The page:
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Business Must Negotiate Or Face Another Arab Spring

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Recently, I asked a diplomat attached to one of the Western embassies in Pretoria whether the Arab Spring had been predicted in a scenario by his government. The answer was no: it came out of the blue and surprised everybody. In the words of Nassim Taleb, it was a Black Swan event.

Next, I asked him whether a retrospective analysis had identified any flags that they should have picked up on in researching the future of the countries affected by the Arab Spring. He said most definitely yes: in all the countries concerned, there was a high rate of youth unemployment, coupled with a sense of alienation from society. Furthermore, the advent of social networks like Facebook had brought a new dimension of organization to young people in terms of putting together mass demonstrations and filming them.

In South Africa, we have all those conditions. We have an unemployment rate among young people aged 18-24 which is estimated to be somewhere between 40 and 50%. Although most of them are ANC supporters, they are highly frustrated by the lack of progress since 1994 in creating a participative and open economy with an emphasis on economic freedom.

Moreover, the vast majority are up to speed on the latest communication gadgets and the internet.

In order to avoid our own version of an Arab Spring in South Africa, we need to call upon the negotiating skills of our leaders and citizens to put together a blueprint for a new economic order. Codesa I and II in the early 1990s demonstrated that South Africans can pull the iron from the fire through negotiation and avoid the slippery slope into chaos and a civil war. These two conventions for a democratic South Africa fashioned a new constitution and paved the way for the fully open election, which went ahead peacefully on April 27, 1994.

We now need a Codesa III, which I call an ‘Economic Codesa’, because there was unfinished business in the first two Codesas. While we have a political democracy, we certainly do not have an economic democracy in South Africa. There is no way the government alone can achieve the latter. It will require a partnership between the principle economic actors and the government. In the category of economic actors, I would put the CEOs of the top 50 companies in South Africa, representative business bodies, leading entrepreneurs, community champions, the unions and others chosen by civil society.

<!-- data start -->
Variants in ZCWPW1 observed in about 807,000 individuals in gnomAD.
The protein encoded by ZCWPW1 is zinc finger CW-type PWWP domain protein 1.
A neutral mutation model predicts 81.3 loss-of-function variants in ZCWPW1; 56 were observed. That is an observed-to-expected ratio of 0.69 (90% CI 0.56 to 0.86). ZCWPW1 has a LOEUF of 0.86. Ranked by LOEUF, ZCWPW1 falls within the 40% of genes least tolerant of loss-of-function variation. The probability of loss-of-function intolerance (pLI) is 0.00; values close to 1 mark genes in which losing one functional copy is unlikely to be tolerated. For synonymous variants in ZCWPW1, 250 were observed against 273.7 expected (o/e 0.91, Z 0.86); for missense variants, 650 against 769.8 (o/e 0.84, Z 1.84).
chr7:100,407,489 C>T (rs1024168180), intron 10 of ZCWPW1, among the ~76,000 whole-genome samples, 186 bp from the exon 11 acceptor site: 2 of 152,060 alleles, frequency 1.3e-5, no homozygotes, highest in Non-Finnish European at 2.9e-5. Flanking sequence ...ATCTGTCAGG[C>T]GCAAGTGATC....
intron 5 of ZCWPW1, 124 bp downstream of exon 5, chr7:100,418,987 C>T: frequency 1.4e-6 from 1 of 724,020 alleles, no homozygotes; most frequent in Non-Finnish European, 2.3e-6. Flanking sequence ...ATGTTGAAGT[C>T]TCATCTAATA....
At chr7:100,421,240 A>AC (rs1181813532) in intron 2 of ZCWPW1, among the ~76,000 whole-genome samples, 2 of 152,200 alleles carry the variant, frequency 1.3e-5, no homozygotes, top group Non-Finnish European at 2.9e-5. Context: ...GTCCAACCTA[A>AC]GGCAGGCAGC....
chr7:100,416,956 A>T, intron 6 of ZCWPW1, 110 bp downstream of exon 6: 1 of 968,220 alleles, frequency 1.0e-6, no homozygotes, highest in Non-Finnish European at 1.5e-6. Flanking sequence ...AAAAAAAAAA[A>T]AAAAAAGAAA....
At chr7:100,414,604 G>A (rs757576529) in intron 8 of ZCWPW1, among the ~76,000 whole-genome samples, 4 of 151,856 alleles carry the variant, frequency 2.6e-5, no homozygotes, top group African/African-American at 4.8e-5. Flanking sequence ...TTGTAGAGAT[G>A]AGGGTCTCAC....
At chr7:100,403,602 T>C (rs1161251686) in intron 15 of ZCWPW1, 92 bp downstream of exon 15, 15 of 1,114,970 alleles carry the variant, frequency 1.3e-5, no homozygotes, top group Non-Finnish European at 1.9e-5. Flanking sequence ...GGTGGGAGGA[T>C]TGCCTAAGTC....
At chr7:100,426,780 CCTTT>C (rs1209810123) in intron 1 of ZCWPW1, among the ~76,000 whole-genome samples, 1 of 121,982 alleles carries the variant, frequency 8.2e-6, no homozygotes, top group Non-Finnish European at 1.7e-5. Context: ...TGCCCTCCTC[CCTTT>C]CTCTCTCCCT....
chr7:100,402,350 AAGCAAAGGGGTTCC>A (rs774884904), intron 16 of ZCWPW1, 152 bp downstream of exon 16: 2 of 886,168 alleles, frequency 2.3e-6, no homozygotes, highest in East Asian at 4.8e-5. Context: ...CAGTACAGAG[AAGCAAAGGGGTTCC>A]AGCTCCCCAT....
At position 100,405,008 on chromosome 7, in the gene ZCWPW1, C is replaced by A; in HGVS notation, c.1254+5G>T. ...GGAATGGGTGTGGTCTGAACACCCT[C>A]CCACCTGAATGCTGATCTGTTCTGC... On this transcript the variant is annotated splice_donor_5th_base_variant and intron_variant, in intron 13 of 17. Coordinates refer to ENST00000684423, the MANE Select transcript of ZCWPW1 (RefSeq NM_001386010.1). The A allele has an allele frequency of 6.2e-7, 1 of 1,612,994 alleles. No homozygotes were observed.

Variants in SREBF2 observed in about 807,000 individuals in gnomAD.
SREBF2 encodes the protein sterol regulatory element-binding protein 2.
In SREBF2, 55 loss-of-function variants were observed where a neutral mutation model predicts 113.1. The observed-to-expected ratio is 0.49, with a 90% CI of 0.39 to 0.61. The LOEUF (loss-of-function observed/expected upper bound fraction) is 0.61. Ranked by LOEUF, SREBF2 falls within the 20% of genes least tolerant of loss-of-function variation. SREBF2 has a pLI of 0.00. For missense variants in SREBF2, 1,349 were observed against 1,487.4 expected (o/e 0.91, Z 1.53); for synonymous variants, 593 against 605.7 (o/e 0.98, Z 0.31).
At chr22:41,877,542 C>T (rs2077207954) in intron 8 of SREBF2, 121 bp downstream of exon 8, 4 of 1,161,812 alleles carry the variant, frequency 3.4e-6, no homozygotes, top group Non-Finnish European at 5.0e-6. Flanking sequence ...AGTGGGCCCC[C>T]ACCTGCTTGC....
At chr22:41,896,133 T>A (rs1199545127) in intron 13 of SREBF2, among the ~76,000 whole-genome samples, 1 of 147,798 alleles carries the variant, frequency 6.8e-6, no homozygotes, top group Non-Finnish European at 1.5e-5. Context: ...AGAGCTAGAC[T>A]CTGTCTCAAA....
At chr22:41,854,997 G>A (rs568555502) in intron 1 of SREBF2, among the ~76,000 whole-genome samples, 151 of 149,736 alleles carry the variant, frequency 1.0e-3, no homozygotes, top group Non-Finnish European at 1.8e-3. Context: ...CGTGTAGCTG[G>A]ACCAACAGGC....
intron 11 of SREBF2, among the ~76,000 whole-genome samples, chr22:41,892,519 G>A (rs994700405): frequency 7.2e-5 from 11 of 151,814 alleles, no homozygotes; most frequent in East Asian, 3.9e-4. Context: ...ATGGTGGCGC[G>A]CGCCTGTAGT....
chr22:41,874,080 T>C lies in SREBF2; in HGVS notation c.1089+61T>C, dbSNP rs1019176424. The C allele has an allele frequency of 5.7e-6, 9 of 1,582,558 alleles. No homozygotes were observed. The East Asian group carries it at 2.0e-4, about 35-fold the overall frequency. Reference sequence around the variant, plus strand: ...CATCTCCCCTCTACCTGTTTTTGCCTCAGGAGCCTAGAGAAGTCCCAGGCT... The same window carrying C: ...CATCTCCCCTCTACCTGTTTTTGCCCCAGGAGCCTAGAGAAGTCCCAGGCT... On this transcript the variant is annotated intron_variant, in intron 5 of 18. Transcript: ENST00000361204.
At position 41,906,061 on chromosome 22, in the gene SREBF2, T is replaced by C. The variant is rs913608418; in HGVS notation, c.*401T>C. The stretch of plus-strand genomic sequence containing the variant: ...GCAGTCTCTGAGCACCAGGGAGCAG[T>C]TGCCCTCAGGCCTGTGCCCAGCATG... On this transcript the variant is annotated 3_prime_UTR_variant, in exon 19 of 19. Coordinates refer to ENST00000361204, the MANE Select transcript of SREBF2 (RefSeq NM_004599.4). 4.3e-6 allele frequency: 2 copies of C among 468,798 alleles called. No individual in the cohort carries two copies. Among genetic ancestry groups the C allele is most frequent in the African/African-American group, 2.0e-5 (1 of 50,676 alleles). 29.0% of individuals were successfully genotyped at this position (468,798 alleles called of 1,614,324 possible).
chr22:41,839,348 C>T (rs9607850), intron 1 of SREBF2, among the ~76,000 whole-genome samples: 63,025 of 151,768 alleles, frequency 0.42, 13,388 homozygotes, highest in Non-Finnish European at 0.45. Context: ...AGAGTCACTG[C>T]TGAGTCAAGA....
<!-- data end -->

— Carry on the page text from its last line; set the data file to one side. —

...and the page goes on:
The Economic Codesa I have in mind would not be a summit or talk shop, but a genuine negotiation, with give and take on all sides. One of the most important outcomes would be to create the conditions for instilling a new entrepreneurial culture in the country, giving small business owners the space and support systems to grow their firms from start-ups to companies that may one day be listed on the Johannesburg Stock Exchange. It is common cause among leading thinkers in government and business that the largest percentage of jobs to be created in order to bring South Africa’s unemployment rate down to an acceptable level, will be in the small business sector.

Indeed, one of the key targets of an Economic Codesa would be to establish an environment within which one million new businesses of a viable nature are likely to be launched by 2020. That is the only way to create five million new jobs and give gainful employment on a widespread basis to young people, either as entrepreneurs or employees. Not everyone has to be an entrepreneur, but on the assumption that the average small business has five employees, the percentage of entrepreneurs in the nation has to be around 20%. The figure is quite achievable with economic freedom in our time.

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